But how much of Macy's recent gains are coming from these measures, and how much is coming from a stronger economy and store closures, remains to be seen. Some warn that its latest same-store sales growth can be partially attributed to the fact that Macy's has been in has been in the process of shutting 100 stores, with a large chunk of those closed in 2017.

"Any retail organization when you close stores, you are closing the worst-performing, which means that will artificially improve comps for another year," Craig Johnson, president and founder of Customer Growth Partners, told CNBC. "It's hard to break down exactly why the comps are up."

$1 billion on mobile

Macy's latest initiatives include making digital investments, particularly in mobile. The company is anticipating it will hit $1 billion in mobile sales by the end of the year, with a chunk of that expected to come during the holiday season with more people using Macy's app to shop steep discounts on days like Black Friday and Cyber Monday. In the latest quarter, it said e-commerce sales were up a double-digit percentage, fueled by sales made via mobile devices.

"Macy's seems to be pretty upbeat about where they stand," said Retail Metrics founder Ken Perkins. But, he said, with Amazon on track to take roughly 50 percent of e-commerce sales this holiday season, "that is a significant issue not only for Macy's but all retailers. How will Macy's be able to get some of that?"

Macy's has been building out and revamping its loyalty program, which is one way it continues to draw more people to use its mobile app, where a shopper's rewards can easily be tracked. Its app is also helping in stores with things like mobile checkout and now includes an augmented reality furniture shopping tool.

Keeping inventory in check

The holiday season can make or break a retailer, depending upon if the company has too much inventory left over heading into the New Year. Retailers can, in turn, be forced to use heavy promotions to get rid of excess merchandise, which can weigh on profit margins for quarters to come.

Shoppers are seen outside Macy's Herald Square in midtown Manhattan in New York. 
Timothy A. Clary | AFP | Getty Images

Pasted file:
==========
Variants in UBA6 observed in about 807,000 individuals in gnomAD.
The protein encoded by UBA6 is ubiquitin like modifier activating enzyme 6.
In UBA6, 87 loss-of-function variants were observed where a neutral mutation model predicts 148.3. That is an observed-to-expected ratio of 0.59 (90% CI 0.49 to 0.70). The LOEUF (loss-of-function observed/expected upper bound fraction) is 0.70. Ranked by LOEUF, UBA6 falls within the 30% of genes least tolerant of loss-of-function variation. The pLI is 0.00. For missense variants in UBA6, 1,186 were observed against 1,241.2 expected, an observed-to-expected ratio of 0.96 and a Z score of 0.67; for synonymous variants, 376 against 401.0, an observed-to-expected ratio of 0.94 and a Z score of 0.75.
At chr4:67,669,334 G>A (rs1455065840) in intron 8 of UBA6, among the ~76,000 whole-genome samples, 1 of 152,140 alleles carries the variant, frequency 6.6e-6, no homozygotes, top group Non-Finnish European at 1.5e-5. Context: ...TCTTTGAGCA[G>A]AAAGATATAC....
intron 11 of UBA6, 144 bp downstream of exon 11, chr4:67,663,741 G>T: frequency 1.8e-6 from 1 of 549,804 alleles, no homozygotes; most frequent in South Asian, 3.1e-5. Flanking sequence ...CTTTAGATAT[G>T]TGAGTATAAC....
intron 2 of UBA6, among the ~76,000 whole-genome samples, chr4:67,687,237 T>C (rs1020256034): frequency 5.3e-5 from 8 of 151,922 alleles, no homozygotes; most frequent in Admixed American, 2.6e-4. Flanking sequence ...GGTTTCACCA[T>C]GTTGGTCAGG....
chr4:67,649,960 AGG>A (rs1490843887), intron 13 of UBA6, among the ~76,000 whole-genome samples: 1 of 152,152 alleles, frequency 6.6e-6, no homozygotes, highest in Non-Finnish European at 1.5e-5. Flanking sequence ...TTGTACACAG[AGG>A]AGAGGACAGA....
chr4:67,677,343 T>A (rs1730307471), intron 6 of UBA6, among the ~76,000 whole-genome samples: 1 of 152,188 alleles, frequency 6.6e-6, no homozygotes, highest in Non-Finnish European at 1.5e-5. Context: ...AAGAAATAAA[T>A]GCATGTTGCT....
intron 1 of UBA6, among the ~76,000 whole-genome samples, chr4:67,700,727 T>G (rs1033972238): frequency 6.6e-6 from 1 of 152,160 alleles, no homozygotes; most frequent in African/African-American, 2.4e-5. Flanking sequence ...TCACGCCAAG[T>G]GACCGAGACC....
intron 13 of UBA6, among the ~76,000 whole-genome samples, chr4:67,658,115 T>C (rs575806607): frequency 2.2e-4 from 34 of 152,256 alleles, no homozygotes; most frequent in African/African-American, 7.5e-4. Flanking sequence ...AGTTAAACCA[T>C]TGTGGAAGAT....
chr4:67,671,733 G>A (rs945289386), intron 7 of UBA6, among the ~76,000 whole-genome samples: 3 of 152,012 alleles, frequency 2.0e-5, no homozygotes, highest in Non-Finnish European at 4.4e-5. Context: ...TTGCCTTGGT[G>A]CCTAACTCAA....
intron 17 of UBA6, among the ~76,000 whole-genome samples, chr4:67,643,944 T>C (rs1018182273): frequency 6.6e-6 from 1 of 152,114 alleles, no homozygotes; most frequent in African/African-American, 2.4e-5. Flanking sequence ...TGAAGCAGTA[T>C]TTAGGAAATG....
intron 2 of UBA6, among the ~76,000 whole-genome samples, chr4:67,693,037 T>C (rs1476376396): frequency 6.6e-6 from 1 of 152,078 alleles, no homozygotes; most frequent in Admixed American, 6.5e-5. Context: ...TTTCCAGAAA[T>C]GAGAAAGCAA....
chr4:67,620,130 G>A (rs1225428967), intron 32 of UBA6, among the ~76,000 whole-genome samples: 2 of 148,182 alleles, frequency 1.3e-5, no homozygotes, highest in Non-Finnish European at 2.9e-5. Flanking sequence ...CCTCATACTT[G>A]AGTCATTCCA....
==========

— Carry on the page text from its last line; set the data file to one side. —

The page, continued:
Shoppers are seen outside Macy's Herald Square in midtown Manhattan in New York. 

Macy's, unlike some of its peers such as J.C. Penney, is recently seen as getting a better grip on inventory management, using data analytics to plan what to stock and how much of it. CFO Paula Price said this month the company has been able to sell more full-price merchandise and "price better" because it's been making more "informed decisions." Macy's has said it plans for inventory to be down at the end of this fiscal year.

Jefferies analyst Randal Konik said with Macy's inventory being up just 1 percent at the end of the third quarter, while total sales were up 2 percent, this "could produce upside" to margins during the holiday season. Analysts overall have been pleased with these results, but Macy's has to prove the numbers are sustainable.

Whatever discipline Macy's has, its plans could be tested by rivals. Discounting is expected to be fierce in the department store sector during the holidays, according to a study by Refinitiv. The study found about 63 percent of merchandise in department stores will be discounted this year, up from 60 percent last year.

What the future holds

If Macy's isn't able to continue to grow sales in such a strong consumer environment, some analysts wonder what that could mean when the U.S. economy begins to cool off.

"What happens when things slow down a bit?" Perkins asked. "Department stores have typically been hit more in slowdowns than other retailers that sell basic necessities like a Target or Walmart."

He, along with Johnson, added there could still be more store closures to come for Macy's because of this looming threat, in addition to the fact that retailers increasingly need less space to hold goods as more purchases are made online. The company's results after the holiday season — good or bad — could predict how soon those closures might come.

In the meantime, Macy's continues to experiment with its real estate, including testing chopping up some of its stores to make room for other retailers or mini fulfillment centers that will help speed online orders to customers more quickly.

"We're ready for all the gift traffic that we're going to get in the fourth quarter," Gennette said earlier this month. "So, we're bringing a store fleet that has momentum into it with us. ... We're very motivated to put another positive comp on the board in the fourth quarter this year."

— CNBC's Lauren Hirsch contributed to this reporting.